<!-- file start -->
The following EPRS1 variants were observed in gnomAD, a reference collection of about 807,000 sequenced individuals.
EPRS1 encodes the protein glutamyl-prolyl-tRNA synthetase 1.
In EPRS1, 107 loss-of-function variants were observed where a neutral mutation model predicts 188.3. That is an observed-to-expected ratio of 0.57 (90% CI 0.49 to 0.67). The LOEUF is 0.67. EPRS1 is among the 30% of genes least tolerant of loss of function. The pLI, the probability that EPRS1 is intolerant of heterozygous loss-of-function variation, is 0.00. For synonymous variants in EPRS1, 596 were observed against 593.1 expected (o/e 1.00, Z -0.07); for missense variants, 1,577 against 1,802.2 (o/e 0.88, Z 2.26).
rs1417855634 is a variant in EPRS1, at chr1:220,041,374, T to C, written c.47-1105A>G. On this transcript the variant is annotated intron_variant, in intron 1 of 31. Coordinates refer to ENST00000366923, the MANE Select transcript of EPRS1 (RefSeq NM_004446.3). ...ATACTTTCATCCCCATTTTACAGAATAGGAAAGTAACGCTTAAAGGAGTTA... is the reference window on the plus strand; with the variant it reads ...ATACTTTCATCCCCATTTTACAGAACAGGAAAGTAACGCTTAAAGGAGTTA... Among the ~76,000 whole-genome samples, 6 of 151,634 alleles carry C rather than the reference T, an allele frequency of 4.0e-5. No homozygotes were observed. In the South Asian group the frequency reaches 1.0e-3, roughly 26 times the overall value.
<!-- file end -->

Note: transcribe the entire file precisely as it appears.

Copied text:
The following EPRS1 variants were observed in gnomAD, a reference collection of about 807,000 sequenced individuals.
EPRS1 encodes the protein glutamyl-prolyl-tRNA synthetase 1.
In EPRS1, 107 loss-of-function variants were observed where a neutral mutation model predicts 188.3. That is an observed-to-expected ratio of 0.57 (90% CI 0.49 to 0.67). The LOEUF is 0.67. EPRS1 is among the 30% of genes least tolerant of loss of function. The pLI, the probability that EPRS1 is intolerant of heterozygous loss-of-function variation, is 0.00. For synonymous variants in EPRS1, 596 were observed against 593.1 expected (o/e 1.00, Z -0.07); for missense variants, 1,577 against 1,802.2 (o/e 0.88, Z 2.26).
rs1417855634 is a variant in EPRS1, at chr1:220,041,374, T to C, written c.47-1105A>G. On this transcript the variant is annotated intron_variant, in intron 1 of 31. Coordinates refer to ENST00000366923, the MANE Select transcript of EPRS1 (RefSeq NM_004446.3). ...ATACTTTCATCCCCATTTTACAGAATAGGAAAGTAACGCTTAAAGGAGTTA... is the reference window on the plus strand; with the variant it reads ...ATACTTTCATCCCCATTTTACAGAACAGGAAAGTAACGCTTAAAGGAGTTA... Among the ~76,000 whole-genome samples, 6 of 151,634 alleles carry C rather than the reference T, an allele frequency of 4.0e-5. No homozygotes were observed. In the South Asian group the frequency reaches 1.0e-3, roughly 26 times the overall value.